We are only at the beginning of the exploration of our oceans, which are responsible for climate regulation. So far, only 5% of them are accessible to science.

AEON Earth-Ocean Research focuses on the origin and evolution of the African margin along the Indian Ocean, particularly at the south-eastern tip of the continent.

An integrated approach including plate tectonics, seismic stratigraphy, onshore and offshore sedimentology, and geochemistry help us reconstructing vertical motion and ocean changes, which in return is useful to reconstruct past faunal corridor between the different continents through time.

What does it mean to be responsible as humans for our oceans? What do we consider as Stewardship for our shared living space – our planet Earth? How much do we already know about the Oceans and how much do we still have to learn?

Whales as indicators of ocean health

AEON’s Ocean Health team researches whales and dolphins, because they are at the top of the marine food web and as such present good indicator species that provide us with important knowledge about the health of the oceans.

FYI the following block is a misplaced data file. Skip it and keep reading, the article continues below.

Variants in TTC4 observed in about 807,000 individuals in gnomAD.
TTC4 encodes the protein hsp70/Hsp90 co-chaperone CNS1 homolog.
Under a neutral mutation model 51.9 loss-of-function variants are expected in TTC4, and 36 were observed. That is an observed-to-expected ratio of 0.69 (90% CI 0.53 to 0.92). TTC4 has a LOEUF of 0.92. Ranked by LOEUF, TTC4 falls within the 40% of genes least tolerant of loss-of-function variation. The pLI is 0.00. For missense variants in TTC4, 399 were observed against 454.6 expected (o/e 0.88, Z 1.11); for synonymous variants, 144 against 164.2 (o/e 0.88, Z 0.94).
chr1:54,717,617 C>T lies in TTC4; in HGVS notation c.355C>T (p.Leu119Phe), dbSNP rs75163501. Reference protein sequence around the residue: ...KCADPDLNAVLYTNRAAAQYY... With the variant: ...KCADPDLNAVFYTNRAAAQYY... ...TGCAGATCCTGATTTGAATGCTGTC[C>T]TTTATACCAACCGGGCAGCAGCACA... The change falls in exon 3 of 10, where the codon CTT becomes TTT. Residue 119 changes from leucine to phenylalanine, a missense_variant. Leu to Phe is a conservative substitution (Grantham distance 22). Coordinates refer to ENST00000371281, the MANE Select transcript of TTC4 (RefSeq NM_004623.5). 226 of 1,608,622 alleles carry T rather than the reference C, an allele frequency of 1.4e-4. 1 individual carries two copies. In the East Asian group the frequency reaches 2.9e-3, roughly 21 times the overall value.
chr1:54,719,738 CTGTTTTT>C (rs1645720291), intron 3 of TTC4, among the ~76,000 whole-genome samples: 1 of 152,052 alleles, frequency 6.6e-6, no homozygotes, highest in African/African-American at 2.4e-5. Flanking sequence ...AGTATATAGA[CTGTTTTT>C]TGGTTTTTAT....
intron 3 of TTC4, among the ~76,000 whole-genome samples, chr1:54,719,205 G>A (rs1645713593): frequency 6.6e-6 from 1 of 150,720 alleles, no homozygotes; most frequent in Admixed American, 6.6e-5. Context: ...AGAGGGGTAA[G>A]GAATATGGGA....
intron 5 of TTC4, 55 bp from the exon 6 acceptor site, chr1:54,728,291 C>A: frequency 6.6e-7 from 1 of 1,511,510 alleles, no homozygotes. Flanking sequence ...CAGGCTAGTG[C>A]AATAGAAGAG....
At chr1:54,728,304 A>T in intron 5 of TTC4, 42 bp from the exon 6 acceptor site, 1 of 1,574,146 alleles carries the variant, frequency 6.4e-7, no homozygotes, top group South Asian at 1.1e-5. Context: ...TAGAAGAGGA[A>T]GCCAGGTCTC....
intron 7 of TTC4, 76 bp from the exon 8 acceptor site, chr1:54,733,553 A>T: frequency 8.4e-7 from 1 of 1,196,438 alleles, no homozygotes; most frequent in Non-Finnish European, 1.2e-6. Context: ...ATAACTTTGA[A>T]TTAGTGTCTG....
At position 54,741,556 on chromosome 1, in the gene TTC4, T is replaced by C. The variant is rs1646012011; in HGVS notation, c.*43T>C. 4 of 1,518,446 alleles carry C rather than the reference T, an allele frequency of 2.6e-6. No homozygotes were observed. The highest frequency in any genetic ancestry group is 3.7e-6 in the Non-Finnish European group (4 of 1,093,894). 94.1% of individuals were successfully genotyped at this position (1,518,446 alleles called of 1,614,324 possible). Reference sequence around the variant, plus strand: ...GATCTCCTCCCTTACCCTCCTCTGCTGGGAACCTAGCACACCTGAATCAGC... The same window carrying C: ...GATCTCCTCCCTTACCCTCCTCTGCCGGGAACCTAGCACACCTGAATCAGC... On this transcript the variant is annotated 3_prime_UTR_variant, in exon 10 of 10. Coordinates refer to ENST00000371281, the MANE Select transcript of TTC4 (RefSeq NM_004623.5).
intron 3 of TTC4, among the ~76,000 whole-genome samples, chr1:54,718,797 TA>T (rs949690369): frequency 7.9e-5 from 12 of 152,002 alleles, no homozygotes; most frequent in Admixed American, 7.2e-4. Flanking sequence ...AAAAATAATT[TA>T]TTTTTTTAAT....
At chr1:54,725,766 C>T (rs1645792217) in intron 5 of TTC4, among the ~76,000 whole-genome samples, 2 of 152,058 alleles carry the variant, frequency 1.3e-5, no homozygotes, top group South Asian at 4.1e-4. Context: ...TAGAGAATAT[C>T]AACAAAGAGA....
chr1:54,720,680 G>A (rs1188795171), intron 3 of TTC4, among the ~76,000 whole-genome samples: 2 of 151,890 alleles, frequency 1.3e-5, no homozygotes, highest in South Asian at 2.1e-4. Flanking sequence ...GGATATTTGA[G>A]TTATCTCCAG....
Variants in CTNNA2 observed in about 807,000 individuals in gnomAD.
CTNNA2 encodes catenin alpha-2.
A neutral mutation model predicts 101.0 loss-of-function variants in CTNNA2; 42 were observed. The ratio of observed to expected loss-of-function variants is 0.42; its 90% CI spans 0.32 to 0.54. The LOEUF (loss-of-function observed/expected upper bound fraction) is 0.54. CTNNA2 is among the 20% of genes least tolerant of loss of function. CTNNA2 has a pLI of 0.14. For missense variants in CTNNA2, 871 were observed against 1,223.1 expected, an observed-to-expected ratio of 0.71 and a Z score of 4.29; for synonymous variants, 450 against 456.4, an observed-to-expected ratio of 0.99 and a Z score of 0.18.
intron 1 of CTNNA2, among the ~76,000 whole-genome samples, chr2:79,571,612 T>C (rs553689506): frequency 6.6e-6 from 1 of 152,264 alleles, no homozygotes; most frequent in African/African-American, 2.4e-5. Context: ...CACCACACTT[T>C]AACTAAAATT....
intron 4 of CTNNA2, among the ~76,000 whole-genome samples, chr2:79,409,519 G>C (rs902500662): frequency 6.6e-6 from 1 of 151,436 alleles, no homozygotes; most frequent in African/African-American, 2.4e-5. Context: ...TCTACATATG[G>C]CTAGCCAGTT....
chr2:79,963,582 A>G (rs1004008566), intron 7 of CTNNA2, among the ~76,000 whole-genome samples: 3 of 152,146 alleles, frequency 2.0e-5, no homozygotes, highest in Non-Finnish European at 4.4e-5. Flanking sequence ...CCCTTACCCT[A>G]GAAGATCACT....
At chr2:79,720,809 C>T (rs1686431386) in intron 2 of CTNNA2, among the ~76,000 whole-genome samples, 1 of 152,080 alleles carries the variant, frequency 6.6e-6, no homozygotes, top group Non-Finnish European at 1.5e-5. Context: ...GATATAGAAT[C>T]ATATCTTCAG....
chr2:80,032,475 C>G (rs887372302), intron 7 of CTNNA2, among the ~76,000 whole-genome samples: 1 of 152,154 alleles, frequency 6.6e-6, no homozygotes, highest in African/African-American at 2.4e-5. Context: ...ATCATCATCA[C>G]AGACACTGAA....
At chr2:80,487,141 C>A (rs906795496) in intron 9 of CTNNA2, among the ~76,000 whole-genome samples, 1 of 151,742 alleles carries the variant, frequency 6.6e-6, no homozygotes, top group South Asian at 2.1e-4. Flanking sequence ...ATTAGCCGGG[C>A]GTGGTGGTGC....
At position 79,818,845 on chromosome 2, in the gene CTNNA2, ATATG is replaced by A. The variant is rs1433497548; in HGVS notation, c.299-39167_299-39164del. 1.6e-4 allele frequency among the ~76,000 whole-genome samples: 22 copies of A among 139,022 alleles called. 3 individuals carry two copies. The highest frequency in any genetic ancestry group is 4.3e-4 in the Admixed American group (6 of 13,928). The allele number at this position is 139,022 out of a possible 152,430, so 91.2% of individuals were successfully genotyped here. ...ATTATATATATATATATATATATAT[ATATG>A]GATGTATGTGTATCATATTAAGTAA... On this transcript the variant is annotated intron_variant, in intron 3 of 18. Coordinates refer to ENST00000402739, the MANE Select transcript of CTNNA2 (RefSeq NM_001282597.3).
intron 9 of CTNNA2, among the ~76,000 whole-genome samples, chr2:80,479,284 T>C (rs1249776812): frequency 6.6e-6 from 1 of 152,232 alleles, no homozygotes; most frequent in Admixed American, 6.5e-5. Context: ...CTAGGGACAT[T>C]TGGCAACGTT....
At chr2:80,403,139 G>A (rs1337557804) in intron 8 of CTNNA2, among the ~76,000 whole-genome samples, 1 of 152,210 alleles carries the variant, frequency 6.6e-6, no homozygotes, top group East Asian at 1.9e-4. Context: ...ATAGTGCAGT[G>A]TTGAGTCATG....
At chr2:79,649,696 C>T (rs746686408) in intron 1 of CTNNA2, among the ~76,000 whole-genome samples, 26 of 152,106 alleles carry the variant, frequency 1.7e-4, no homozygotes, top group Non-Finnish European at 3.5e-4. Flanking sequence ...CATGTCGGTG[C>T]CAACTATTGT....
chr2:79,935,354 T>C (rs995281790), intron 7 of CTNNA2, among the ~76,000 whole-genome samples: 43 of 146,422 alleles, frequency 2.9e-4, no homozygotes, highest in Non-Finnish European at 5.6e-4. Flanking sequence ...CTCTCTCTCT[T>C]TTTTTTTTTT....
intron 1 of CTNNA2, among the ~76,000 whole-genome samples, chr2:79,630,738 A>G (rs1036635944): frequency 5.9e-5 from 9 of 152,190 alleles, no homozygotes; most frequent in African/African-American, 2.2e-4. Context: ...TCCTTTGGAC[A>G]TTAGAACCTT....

What whales and dolphins can tell us about the health of our oceans…Read article

What do we know about the basic distribution and the habitat preferences of whales and dolphins in a relatively pristine environment before anthropogenic developments impact on them? In the era of the Anthropocene, it is increasingly important to ask these questions and to find answers to them.

Spatio-temporal distribution and habitat preferences of cetaceans in Algoa Bay, South Africa…  Read more

Acoustic Monitoring in Algoa Bay 

The sea off the coast of South Africa is a hotspot of biodiversity. Coastal development and the construction of a new deep water port, as well as the exploration for oil and gas, change and possibly impact on this habitat.

Acoustic monitoring of underwater soundscapes is helping us to assess the effect of shipping noise on large baleen whales, which are low frequency hearing specialists, and therefore, particularly sensitive to low frequency vessel noise. We use three autonomous SM2M+ acoustic recorders equipped with an HTI-96-min hydrophone (sensitivity -166 dB re v/_Pa), in addition to the automatic identification system (AIS) data for all Ships. The goal is to assess whether humpback whale (Megaptera novaeangliae) and southern right whale (Eubalaena australis) mother-calf pair distribution patterns are affected by received levels of ship noise. This serves as a baseline to monitor for marine animal behavioral changes under future port development plans that are likely to further increase ship noise level within Algoa Bay.